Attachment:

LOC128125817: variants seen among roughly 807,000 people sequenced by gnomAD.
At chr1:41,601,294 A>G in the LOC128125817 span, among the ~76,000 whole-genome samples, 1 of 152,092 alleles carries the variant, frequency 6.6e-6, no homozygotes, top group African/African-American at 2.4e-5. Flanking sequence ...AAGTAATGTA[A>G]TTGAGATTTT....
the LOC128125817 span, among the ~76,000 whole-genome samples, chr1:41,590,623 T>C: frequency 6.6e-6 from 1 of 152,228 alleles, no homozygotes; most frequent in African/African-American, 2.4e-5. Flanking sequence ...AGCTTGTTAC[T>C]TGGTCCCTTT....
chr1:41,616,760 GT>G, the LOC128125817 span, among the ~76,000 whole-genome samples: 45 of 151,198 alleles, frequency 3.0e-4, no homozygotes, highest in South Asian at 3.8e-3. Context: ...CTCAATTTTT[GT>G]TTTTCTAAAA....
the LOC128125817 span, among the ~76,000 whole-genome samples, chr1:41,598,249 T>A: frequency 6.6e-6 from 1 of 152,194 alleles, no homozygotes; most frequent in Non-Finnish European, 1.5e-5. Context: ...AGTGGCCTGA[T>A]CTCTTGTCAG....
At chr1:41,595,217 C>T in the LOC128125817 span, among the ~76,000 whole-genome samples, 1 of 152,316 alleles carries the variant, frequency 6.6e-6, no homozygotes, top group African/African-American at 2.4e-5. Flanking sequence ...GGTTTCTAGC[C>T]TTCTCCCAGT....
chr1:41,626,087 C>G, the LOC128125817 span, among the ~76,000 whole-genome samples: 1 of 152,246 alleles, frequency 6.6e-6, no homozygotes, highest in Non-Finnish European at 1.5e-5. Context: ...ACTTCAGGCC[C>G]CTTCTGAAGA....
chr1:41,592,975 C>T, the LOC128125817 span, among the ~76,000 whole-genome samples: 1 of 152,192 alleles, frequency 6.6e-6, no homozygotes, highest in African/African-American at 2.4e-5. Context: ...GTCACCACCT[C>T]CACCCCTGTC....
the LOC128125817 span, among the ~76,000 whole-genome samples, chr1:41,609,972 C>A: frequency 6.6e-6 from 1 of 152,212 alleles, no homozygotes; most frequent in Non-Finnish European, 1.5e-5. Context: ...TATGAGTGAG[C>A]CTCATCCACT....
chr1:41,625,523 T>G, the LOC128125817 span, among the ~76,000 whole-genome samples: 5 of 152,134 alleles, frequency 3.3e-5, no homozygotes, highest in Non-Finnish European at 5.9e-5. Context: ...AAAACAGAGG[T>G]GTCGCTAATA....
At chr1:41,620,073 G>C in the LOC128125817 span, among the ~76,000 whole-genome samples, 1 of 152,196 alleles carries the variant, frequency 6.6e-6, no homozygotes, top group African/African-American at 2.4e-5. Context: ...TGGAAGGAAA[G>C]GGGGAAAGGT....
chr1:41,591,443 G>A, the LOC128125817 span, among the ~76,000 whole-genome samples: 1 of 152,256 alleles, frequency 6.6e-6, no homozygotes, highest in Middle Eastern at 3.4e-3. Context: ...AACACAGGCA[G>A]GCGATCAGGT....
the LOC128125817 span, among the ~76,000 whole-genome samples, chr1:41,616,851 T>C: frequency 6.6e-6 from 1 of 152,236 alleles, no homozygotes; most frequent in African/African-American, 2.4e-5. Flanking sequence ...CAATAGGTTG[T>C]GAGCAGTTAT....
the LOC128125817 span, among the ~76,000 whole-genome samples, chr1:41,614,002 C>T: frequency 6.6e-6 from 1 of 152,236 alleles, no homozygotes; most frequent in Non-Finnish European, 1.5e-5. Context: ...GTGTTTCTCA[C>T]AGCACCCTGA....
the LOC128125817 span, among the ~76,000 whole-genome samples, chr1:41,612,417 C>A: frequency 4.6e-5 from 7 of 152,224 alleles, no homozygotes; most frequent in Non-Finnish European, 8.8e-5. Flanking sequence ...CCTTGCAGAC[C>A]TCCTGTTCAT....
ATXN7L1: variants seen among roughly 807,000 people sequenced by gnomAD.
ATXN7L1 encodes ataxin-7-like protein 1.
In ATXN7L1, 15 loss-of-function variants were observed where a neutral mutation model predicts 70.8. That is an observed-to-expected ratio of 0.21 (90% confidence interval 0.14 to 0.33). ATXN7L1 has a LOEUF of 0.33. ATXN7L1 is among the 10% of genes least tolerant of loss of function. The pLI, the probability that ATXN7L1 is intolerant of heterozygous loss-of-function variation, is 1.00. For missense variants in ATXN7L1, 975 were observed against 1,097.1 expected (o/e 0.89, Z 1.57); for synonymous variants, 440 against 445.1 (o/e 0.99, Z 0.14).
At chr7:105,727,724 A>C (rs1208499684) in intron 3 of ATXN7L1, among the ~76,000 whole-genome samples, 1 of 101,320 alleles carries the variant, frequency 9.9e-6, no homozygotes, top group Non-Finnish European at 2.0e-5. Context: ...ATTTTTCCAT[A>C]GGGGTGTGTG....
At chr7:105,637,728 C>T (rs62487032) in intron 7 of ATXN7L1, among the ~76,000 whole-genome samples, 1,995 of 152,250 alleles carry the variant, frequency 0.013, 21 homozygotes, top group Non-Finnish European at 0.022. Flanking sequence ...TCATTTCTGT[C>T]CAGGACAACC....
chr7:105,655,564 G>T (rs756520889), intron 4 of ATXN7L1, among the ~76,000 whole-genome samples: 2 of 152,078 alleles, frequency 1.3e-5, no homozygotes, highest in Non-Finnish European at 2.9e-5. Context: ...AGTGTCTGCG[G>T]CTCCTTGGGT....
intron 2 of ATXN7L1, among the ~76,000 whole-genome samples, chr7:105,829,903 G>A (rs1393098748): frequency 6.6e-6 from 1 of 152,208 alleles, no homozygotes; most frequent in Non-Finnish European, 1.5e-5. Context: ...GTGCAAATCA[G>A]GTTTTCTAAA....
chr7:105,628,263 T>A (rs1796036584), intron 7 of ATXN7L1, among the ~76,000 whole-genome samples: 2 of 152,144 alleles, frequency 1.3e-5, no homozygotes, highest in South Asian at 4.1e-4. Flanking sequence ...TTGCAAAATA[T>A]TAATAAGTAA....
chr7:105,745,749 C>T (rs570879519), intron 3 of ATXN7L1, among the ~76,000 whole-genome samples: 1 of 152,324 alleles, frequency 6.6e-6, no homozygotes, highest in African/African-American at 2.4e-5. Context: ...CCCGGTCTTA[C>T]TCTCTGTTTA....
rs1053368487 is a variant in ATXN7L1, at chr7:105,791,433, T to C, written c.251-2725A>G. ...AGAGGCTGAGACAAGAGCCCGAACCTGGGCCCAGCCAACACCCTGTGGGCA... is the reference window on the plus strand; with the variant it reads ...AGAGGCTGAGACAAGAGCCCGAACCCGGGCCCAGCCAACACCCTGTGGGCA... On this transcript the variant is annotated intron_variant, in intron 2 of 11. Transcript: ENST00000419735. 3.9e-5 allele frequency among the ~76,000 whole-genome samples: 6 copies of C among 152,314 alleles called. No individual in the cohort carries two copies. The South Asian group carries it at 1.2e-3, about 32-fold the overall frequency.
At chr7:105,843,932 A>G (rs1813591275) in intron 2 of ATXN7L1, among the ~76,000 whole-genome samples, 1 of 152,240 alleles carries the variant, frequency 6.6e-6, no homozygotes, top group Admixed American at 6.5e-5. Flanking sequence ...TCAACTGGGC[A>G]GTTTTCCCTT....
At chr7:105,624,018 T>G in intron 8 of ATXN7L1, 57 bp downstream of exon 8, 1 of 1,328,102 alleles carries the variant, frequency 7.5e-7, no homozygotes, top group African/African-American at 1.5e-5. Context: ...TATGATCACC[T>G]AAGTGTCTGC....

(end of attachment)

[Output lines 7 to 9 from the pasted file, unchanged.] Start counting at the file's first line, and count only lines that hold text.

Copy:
chr1:41,626,087 C>G, the LOC128125817 span, among the ~76,000 whole-genome samples: 1 of 152,246 alleles, frequency 6.6e-6, no homozygotes, highest in Non-Finnish European at 1.5e-5. Context: ...ACTTCAGGCC[C>G]CTTCTGAAGA....
chr1:41,592,975 C>T, the LOC128125817 span, among the ~76,000 whole-genome samples: 1 of 152,192 alleles, frequency 6.6e-6, no homozygotes, highest in African/African-American at 2.4e-5. Context: ...GTCACCACCT[C>T]CACCCCTGTC....
the LOC128125817 span, among the ~76,000 whole-genome samples, chr1:41,609,972 C>A: frequency 6.6e-6 from 1 of 152,212 alleles, no homozygotes; most frequent in Non-Finnish European, 1.5e-5. Context: ...TATGAGTGAG[C>A]CTCATCCACT....